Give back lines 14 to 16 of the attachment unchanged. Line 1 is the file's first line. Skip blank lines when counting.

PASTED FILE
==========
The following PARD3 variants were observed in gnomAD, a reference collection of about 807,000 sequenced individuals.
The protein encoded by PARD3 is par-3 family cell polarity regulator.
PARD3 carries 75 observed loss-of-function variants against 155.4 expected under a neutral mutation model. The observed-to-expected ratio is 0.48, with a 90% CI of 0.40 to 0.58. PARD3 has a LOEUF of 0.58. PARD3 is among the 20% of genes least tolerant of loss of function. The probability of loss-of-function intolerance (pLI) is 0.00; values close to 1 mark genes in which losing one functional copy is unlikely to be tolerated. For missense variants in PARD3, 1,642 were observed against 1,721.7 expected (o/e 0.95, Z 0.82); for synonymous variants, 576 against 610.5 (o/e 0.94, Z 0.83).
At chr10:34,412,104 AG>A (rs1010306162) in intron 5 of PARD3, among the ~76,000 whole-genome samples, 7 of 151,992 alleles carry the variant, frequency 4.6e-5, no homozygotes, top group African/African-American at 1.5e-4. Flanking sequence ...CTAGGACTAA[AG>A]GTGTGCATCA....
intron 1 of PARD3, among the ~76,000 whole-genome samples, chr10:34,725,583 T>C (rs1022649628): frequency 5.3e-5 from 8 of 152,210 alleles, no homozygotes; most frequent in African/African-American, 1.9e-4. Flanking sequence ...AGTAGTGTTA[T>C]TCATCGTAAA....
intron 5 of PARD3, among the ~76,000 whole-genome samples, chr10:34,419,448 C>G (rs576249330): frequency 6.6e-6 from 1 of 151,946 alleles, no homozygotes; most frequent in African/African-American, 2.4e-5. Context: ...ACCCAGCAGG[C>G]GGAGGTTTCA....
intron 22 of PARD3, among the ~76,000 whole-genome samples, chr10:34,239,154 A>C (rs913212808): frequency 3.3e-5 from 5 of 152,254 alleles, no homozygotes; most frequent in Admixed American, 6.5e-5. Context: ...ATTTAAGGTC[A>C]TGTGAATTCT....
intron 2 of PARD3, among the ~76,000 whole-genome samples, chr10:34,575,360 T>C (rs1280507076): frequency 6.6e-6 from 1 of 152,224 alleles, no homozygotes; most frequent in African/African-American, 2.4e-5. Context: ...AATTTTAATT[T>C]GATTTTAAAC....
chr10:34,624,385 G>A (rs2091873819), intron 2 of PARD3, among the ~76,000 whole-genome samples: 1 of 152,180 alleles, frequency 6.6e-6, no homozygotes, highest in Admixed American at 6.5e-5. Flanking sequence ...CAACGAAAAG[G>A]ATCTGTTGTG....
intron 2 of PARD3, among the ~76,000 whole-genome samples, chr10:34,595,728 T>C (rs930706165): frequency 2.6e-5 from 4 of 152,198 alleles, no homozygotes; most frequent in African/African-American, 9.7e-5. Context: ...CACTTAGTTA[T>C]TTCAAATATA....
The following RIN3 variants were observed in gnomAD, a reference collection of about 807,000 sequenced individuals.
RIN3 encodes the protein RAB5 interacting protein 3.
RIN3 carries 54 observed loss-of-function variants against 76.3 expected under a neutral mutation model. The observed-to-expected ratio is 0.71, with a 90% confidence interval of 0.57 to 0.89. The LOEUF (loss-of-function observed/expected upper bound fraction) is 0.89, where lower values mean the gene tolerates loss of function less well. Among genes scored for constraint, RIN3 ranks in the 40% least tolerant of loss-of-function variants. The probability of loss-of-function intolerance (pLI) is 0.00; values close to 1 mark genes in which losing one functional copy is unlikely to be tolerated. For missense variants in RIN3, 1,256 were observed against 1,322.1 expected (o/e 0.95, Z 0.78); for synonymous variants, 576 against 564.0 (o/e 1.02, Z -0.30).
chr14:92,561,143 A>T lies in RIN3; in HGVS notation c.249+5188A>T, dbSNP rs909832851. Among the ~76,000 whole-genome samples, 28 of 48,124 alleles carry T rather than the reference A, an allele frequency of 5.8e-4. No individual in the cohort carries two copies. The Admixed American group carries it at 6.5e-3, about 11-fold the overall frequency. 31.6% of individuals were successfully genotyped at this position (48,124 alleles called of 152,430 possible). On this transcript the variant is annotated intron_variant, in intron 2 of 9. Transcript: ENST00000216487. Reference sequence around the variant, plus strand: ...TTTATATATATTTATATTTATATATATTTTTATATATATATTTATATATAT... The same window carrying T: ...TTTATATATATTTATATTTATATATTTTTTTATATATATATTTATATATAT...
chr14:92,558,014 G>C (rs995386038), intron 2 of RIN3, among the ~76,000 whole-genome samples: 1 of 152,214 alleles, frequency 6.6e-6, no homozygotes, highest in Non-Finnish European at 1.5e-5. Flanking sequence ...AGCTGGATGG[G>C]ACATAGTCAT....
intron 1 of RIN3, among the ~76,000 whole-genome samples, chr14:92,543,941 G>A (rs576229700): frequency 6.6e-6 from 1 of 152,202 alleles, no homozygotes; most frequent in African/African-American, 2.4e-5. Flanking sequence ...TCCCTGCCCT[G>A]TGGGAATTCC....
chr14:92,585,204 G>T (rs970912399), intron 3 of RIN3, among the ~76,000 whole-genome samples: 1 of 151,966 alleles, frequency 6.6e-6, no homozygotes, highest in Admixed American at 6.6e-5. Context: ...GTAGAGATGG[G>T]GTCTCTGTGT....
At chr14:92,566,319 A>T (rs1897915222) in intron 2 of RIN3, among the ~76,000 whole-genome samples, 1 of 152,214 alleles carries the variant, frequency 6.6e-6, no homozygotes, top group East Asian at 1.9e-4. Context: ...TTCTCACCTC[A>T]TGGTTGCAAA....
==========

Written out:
chr14:92,561,143 A>T lies in RIN3; in HGVS notation c.249+5188A>T, dbSNP rs909832851. Among the ~76,000 whole-genome samples, 28 of 48,124 alleles carry T rather than the reference A, an allele frequency of 5.8e-4. No individual in the cohort carries two copies. The Admixed American group carries it at 6.5e-3, about 11-fold the overall frequency. 31.6% of individuals were successfully genotyped at this position (48,124 alleles called of 152,430 possible). On this transcript the variant is annotated intron_variant, in intron 2 of 9. Transcript: ENST00000216487. Reference sequence around the variant, plus strand: ...TTTATATATATTTATATTTATATATATTTTTATATATATATTTATATATAT... The same window carrying T: ...TTTATATATATTTATATTTATATATTTTTTTATATATATATTTATATATAT...
chr14:92,558,014 G>C (rs995386038), intron 2 of RIN3, among the ~76,000 whole-genome samples: 1 of 152,214 alleles, frequency 6.6e-6, no homozygotes, highest in Non-Finnish European at 1.5e-5. Flanking sequence ...AGCTGGATGG[G>C]ACATAGTCAT....
intron 1 of RIN3, among the ~76,000 whole-genome samples, chr14:92,543,941 G>A (rs576229700): frequency 6.6e-6 from 1 of 152,202 alleles, no homozygotes; most frequent in African/African-American, 2.4e-5. Flanking sequence ...TCCCTGCCCT[G>A]TGGGAATTCC....